Terminus is by far not the only company working in this area. Others include Marketo (part of Adobe), 6sense, Sendoso and many others. Terminus’s approach is to bring different aspects of the marketing and sales process (analytics, orchestration, automation and execution) into one platform.

Fittingly, the startup’s name was based on an early nickname for Atlanta, and used as a reference to its aim of being the single for its customers’ various marketing and sales activities.

This is one reason why investors have been knocking.

“Terminus continues to redefine how teams go to market, innovating how companies generate revenue in a digital-first environment,” said Derek Schoettle, a growth partner at Great Hill. “We’ve been so impressed with this team, the company’s significant growth over the last year, its continued product innovation, and the huge market opportunity ahead.”

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Berlin’s MorphAIs hopes its AI algorithms will put its early-stage VC fund ahead of the pack

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MorphAIs is a new VC out of Berlin, aiming to leverage AI algorithms to boost its investment decisions in early-stage startups. But there’s a catch: it hasn’t raised a fund yet.

The firm was founded by Eva-Valérie Gfrerer who was previously head of Growth Marketing at FinTech startup OptioPay and her background is in Behavioural Science and Advanced Information Systems.

Gfrerer says she started MorphAIs to be a tech company, using AI to assess venture investments and then selling that as a service. But after a while, she realized the platform could be applied an in-house fund, hence the drive to now raise a fund.

MorphAIs has already received financing from some serial entrepreneurs, including: Max Laemmle, CEO & Founder Fraugster, previously Better Payment and SumUp; Marc-Alexander Christ, Co-Founder SumUp, previously Groupon (CityDeal) and JP Morgan Chase; Charles Fraenkl, CEO SmartFrog, previously CEO at Gigaset and AOL; Andreas Winiarski, Chairman & Founder awesome capital Group.

She says: “It’s been decades since there has been any meaningful innovation in the processes by which venture capital is allocated. We have built technology to re-invent those processes and push the industry towards more accurate allocation of capital and a less-biased and more inclusive start-up ecosystem.”

She points out that over 80% of early-stage VC funds don’t deliver the minimum expected return rate to their investors. This is true, but admittedly, the VC industry is almost built to throw a lot of money away, in the hope that it will pick the winner that makes up for all the losses.

She now plans to aim for a pre-seed/seed fund, backed by a team consisting of machine learning scientists, mathematicians, and behavioral scientists, and claims that MorphAIs is modeling consistent 16x return rates, after running real-time predictions based on market data.

Her co-founder is Jan Saputra Müller, CTO and Co-Founder, who co-founded and served as CTO for several machine learning companies, including askby.ai.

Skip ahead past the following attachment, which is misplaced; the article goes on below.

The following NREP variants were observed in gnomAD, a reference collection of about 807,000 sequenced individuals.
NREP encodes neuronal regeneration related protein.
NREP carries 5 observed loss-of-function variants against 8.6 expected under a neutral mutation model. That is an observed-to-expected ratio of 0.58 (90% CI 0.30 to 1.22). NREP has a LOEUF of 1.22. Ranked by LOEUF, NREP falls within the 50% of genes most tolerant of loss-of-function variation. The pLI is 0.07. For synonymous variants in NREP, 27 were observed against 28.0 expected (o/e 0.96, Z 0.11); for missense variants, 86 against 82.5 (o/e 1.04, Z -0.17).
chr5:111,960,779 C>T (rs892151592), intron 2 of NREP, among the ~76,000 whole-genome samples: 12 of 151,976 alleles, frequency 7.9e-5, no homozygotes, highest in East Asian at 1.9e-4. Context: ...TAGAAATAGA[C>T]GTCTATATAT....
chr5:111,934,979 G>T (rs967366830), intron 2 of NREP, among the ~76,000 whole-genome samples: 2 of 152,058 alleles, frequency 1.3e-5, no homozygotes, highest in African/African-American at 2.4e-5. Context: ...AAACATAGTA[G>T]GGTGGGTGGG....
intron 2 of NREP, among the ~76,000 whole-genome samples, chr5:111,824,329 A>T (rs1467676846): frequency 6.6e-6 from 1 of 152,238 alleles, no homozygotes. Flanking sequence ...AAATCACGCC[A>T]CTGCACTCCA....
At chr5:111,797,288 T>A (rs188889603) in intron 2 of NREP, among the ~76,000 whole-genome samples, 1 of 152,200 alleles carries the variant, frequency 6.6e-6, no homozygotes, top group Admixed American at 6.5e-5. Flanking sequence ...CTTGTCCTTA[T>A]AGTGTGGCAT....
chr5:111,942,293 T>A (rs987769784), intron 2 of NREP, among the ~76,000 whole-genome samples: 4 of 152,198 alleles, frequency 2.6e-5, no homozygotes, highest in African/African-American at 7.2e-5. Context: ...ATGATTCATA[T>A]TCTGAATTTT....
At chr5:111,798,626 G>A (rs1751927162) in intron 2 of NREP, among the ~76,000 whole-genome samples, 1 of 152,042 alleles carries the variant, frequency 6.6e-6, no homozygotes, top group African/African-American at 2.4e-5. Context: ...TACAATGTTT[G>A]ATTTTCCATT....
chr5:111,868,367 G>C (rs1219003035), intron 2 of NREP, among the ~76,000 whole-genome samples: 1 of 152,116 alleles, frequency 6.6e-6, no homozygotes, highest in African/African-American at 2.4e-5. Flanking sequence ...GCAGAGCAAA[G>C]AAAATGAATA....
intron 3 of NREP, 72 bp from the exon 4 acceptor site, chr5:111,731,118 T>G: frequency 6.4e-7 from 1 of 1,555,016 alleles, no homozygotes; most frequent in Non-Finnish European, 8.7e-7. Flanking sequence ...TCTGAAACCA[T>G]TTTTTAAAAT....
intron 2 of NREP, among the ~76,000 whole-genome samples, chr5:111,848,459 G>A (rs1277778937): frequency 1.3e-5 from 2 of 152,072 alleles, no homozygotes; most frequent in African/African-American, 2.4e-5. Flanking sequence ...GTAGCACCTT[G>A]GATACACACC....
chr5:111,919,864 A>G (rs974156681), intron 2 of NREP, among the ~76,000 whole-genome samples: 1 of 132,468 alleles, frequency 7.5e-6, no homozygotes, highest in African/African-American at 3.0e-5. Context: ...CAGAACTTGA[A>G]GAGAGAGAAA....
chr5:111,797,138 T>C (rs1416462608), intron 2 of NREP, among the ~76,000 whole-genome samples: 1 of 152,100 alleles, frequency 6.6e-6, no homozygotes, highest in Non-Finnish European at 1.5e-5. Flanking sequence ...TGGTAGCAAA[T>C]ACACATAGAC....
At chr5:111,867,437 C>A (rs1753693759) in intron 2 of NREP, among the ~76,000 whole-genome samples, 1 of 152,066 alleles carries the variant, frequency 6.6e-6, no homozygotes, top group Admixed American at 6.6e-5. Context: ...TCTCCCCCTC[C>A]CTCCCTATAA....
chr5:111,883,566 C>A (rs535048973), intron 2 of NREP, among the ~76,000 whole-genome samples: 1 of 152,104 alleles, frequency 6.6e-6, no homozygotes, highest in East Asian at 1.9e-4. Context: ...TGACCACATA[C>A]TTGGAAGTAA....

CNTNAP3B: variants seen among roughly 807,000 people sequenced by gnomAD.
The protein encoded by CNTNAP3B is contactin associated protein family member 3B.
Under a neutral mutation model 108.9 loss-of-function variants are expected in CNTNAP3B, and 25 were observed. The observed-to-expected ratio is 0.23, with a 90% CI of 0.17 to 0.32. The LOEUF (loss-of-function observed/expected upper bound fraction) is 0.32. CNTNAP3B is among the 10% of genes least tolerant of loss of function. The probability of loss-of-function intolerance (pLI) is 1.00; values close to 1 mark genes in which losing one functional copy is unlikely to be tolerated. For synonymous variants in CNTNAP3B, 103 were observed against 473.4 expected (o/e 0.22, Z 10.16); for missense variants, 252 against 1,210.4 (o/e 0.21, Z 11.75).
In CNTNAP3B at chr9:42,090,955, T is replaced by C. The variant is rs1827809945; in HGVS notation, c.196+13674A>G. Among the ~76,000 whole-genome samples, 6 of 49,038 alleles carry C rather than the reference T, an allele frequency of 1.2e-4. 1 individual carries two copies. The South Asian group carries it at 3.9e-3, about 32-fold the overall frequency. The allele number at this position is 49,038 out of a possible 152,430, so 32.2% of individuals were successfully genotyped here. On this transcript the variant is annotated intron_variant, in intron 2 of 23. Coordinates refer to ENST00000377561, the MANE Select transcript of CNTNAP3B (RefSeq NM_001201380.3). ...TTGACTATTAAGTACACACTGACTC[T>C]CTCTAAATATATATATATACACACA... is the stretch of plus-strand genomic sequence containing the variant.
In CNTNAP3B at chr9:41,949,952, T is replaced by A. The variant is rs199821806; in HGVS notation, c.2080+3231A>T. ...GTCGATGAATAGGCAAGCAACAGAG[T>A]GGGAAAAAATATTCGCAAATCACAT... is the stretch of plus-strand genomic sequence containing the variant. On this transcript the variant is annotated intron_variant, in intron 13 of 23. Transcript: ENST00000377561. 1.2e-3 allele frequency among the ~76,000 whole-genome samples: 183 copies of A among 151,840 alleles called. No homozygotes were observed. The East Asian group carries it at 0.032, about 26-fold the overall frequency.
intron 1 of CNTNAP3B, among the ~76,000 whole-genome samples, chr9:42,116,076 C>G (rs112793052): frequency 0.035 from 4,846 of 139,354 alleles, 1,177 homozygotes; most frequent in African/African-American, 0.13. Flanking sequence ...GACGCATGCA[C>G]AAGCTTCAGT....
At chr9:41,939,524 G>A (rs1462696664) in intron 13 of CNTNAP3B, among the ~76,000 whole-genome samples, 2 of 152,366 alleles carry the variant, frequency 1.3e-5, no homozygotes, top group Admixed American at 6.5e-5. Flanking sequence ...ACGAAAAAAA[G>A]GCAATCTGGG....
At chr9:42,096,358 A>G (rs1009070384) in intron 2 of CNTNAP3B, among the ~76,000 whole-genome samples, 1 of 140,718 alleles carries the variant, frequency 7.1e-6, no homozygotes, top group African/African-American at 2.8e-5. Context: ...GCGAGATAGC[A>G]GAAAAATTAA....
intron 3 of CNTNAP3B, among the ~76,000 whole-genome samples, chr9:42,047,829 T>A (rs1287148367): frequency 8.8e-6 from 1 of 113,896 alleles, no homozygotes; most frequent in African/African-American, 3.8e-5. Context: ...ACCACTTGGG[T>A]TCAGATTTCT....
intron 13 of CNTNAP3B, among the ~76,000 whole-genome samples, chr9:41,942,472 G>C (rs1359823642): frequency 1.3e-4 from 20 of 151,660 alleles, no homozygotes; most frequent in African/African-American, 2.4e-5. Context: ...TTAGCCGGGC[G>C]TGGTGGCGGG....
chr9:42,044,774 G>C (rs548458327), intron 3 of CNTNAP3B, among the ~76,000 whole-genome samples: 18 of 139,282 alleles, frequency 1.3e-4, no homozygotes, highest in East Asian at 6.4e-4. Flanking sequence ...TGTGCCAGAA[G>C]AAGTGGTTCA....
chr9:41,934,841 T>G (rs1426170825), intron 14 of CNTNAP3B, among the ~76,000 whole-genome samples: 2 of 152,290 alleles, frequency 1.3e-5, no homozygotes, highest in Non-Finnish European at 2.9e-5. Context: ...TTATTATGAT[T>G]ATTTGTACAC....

There’s one problem: Gfrerer’s approach is not unique. For instance, London-based Inreach Ventures has made a big play of using data to hunt down startups. And every other VC in Europe does something similar, more or less.

Will Gfrerer manage to pull off something spectacular? We shall have to wait and find out.

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Lob raises $50M for its direct mail platform

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Lob is a startup promising to help businesses deliver physical mail more quickly and affordably, and with more personalization.

The company estimates that its platform has been used to deliver mail to one in two U.S. households. And today, it’s announcing that it has raised $50 million in Series C funding.

CEO Leore Avidar told me he founded Lob with Harry Zhang nearly a decade ago to “allow people to send mail programmatically.” Over time, the company has become increasingly focused on enterprise clients — its 8,500-plus customers include Twitter, Expedia and Oscar Health — although Avidar said it will always offer a product for small businesses as well.

Avidar explained that in a digital age, there are two main categories of physical mail that Lob continues to support for its customers. First, there’s mail sent for “a regulatory purpose, a compliance purpose” — in other words, mail that businesses are legally required to send in printed form. Second, there’s direct mail sent as marketing, which Avidar said many companies are rediscovering.

“Marketing as a whole is always trying to find a unique channel in order to make their customer aware of whatever their call to action is,” he said. “Right now, social is really expensive, Google AdWords is super expensive, with email you can easily unsubscribe. No one’s been paying attention to direct mail, and the prices don’t scale with supply and demand.”

Lob says that it can reduce the execution time on a direct mail campaign by 95%, from 90 days to less than a day. For the actual printing and delivery, it has built out a network of partners across the country. And other companies like PostPilot and Postalaytics are building on top of the Lob platform.

The startup has now raised $80 million in total funding. The new round was led by Y Combinator Continuity Fund — Lob participated in the YC accelerator and the Continuity Fund also led the startup’s previous funding.

Avidar said the company is planning to triple the amount of physical mail delivered through the platform this year, which means the round will allow it to continue expanding the Print Delivery Network, as well as increasing headcount to more than 260 employees.

“Lob is leading the digital transformation of direct mail, a business process used by every company on Earth that has remained virtually untouched by software,” said YC Managing Partner and Lob board member Ali Rowghani in a statement. “Lob’s platform delivers exceptional value to some of the world’s largest senders of direct mail by lowering cost and improving deliverability, tracking, reporting, and ROI. Even for the most sophisticated senders of direct mail, Lob’s API-driven product is vastly superior to legacy approaches.”